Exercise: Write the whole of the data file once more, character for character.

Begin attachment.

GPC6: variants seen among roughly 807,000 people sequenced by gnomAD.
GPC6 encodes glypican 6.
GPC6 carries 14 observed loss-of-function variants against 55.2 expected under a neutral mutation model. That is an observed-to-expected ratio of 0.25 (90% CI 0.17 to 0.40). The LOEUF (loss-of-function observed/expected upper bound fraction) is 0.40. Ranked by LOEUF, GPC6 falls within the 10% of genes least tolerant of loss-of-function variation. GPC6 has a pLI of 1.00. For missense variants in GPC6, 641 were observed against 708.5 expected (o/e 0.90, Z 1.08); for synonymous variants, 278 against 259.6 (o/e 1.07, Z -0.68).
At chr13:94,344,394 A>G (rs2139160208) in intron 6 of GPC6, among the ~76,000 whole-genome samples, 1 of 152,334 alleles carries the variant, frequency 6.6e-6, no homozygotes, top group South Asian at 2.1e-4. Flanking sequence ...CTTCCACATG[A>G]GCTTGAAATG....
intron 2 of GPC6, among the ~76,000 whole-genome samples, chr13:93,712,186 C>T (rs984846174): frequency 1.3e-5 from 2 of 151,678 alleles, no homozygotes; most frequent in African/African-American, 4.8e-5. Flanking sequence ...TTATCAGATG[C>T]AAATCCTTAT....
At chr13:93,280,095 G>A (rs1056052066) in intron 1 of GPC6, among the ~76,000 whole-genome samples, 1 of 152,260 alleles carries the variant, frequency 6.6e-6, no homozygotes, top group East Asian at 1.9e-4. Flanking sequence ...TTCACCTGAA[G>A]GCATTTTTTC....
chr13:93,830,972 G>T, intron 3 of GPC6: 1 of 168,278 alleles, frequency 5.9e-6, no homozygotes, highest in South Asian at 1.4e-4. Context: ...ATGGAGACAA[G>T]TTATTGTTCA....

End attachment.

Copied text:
GPC6: variants seen among roughly 807,000 people sequenced by gnomAD.
GPC6 encodes glypican 6.
GPC6 carries 14 observed loss-of-function variants against 55.2 expected under a neutral mutation model. That is an observed-to-expected ratio of 0.25 (90% CI 0.17 to 0.40). The LOEUF (loss-of-function observed/expected upper bound fraction) is 0.40. Ranked by LOEUF, GPC6 falls within the 10% of genes least tolerant of loss-of-function variation. GPC6 has a pLI of 1.00. For missense variants in GPC6, 641 were observed against 708.5 expected (o/e 0.90, Z 1.08); for synonymous variants, 278 against 259.6 (o/e 1.07, Z -0.68).
At chr13:94,344,394 A>G (rs2139160208) in intron 6 of GPC6, among the ~76,000 whole-genome samples, 1 of 152,334 alleles carries the variant, frequency 6.6e-6, no homozygotes, top group South Asian at 2.1e-4. Flanking sequence ...CTTCCACATG[A>G]GCTTGAAATG....
intron 2 of GPC6, among the ~76,000 whole-genome samples, chr13:93,712,186 C>T (rs984846174): frequency 1.3e-5 from 2 of 151,678 alleles, no homozygotes; most frequent in African/African-American, 4.8e-5. Flanking sequence ...TTATCAGATG[C>T]AAATCCTTAT....
At chr13:93,280,095 G>A (rs1056052066) in intron 1 of GPC6, among the ~76,000 whole-genome samples, 1 of 152,260 alleles carries the variant, frequency 6.6e-6, no homozygotes, top group East Asian at 1.9e-4. Flanking sequence ...TTCACCTGAA[G>A]GCATTTTTTC....
chr13:93,830,972 G>T, intron 3 of GPC6: 1 of 168,278 alleles, frequency 5.9e-6, no homozygotes, highest in South Asian at 1.4e-4. Context: ...ATGGAGACAA[G>T]TTATTGTTCA....